More so, China adopted the land reform policy referred as the Household Responsibility System- a privately leased land use system, designed to boost the rural economy and increase farmers' income. The system greatly enhanced food production as agricultural output grew at 7.9 percent annually. And at present, China is the world's largest producer of agricultural products. And China's agricultural sector employs over 400 million people and produces food capable of feeding about 30 percent of the world population.
And as the Nigeria's agricultural sector becomes more intertwined with the national economic transformation agenda of President Goodluck Jonathan, it is very important to give agriculture the required attention to effectively address the economic and social problems affecting the country.
Provision of fertilizers, herbicides, pesticides and modern farm tools at subsidized rate, and availability of veterinary doctors, accessible road and good transport system are necessary steps for agriculture to thrive in Nigeria. Moreover, a good policy with an accompanying implementation strategy to facilitate and promote strong private sector investment in agriculture should be introduced.
Other ideas that should be considered as part of agricultural policies are rural electrification project and availability of functional irrigation. Nigeria has a River Basin and Rural Technology Development Authorities (RBDA) that aims to use irrigation to boost food production, but RBDA seems not to be meeting this mandate. In order to harness the country's water resources for food sufficiency, the RBD should meet the agricultural needs associated with water resources.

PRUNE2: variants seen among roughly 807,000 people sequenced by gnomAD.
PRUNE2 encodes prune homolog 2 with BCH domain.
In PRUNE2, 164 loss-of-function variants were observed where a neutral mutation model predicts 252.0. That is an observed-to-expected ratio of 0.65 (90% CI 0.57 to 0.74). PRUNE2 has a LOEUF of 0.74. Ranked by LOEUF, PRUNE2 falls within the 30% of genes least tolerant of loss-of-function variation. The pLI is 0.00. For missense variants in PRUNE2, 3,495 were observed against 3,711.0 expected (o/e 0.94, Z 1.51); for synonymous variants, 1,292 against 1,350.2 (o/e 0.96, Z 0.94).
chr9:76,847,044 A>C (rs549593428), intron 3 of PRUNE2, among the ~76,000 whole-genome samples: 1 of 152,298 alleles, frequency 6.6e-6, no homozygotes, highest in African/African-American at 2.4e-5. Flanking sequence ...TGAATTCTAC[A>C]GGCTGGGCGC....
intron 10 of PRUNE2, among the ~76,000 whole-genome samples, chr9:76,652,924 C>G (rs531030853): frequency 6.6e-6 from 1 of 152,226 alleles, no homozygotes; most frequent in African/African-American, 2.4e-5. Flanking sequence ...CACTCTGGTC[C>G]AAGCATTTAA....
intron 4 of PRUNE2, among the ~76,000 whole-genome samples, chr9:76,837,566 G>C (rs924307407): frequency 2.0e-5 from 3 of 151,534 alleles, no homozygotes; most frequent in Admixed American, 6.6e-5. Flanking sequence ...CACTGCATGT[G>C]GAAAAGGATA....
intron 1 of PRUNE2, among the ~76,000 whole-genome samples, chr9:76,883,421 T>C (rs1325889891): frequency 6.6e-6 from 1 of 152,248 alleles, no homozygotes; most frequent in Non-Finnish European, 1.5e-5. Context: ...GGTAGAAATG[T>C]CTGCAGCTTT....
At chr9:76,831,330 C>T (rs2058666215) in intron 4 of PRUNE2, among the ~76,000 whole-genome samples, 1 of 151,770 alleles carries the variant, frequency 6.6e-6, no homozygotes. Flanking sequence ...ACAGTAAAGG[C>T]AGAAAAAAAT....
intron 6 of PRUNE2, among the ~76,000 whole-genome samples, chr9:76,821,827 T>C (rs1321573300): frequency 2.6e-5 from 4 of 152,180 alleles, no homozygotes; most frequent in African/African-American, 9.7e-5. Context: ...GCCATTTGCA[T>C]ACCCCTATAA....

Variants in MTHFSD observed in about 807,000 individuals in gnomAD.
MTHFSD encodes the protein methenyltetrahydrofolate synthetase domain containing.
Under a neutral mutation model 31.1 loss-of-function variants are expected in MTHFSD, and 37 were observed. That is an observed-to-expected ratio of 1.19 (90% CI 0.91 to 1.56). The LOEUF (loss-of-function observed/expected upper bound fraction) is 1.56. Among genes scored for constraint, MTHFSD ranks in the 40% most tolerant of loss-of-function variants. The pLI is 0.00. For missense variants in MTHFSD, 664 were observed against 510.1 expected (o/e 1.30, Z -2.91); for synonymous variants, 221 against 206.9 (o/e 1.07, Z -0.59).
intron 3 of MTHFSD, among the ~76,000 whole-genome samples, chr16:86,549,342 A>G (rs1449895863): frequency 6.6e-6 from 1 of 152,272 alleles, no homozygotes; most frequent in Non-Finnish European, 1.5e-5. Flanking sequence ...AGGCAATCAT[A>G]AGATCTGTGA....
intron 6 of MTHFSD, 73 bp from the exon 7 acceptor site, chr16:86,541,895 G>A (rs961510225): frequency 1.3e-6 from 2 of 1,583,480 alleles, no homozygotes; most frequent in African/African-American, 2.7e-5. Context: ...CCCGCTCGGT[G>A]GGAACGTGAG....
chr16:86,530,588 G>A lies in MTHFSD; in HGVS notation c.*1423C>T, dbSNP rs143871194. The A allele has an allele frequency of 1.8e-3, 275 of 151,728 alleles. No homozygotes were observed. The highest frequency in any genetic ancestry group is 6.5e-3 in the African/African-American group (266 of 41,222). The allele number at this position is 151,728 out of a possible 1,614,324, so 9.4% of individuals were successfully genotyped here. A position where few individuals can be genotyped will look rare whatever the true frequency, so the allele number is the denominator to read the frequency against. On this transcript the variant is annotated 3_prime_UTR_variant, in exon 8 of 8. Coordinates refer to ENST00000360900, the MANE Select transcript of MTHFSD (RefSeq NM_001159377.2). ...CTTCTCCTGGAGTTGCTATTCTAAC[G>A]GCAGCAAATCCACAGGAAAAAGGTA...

The implementation of ban policy on importation of certain farm produce, to encourage the consumption of the local farm produce should be well-supervised. And there is need to eradicate corruption, such as misappropriation of funds allocated to the agricultural sector. Also, adequate financing of agriculture in Nigeria in the form of loans to large and small scale farmers, will boost agriculture in Nigeria, because finance is the backbone of every worth venture.
While prioritizing agriculture, there is the need to reposition agricultural research institutes to meet the emerging challenges. For example, more attention should be given to bio-fortified crops development and distribution. A great achievement will be recorded in agriculture, if most farmers in Nigeria have easy access to pro-vitamin A Cassava stem and Maize seed, and improved breeds of animals for livestock farming.
And apart, from other agricultural world best practices that can be adopted to reap from the numerous benefits of viable agricultural sector in Nigeria, farmers should be encouraged to take up agricultural insurance policies, which will help to re-instate them in times of loss. Knowledge of insurance policies and other ways to increase agricultural productivity in the country can be achieved through expansive awareness among farmers.
An effective communication strategy will be required to drive this awareness campaign. Various communication media in Nigeria may be used to transmit the information. It is very important to approach the media wisely and design appropriate messages for both the local small and large farmers- enhancing agricultural knowledge and attitudinal change among the Nigerian farmers.
If agriculture is given the required attention, apart from the even derivation of foreign exchange and diversified economy benefits, agriculture will be seen as an attractive business and millions of jobs would be created in Nigeria. And this will accelerate development, ensure food security, self-sufficiency and alleviate poverty in Nigeria.
By Augustine N. Ezeji, a Communication and Research Officer with Rural Africa Water Development Project, Owerri (email@example.com)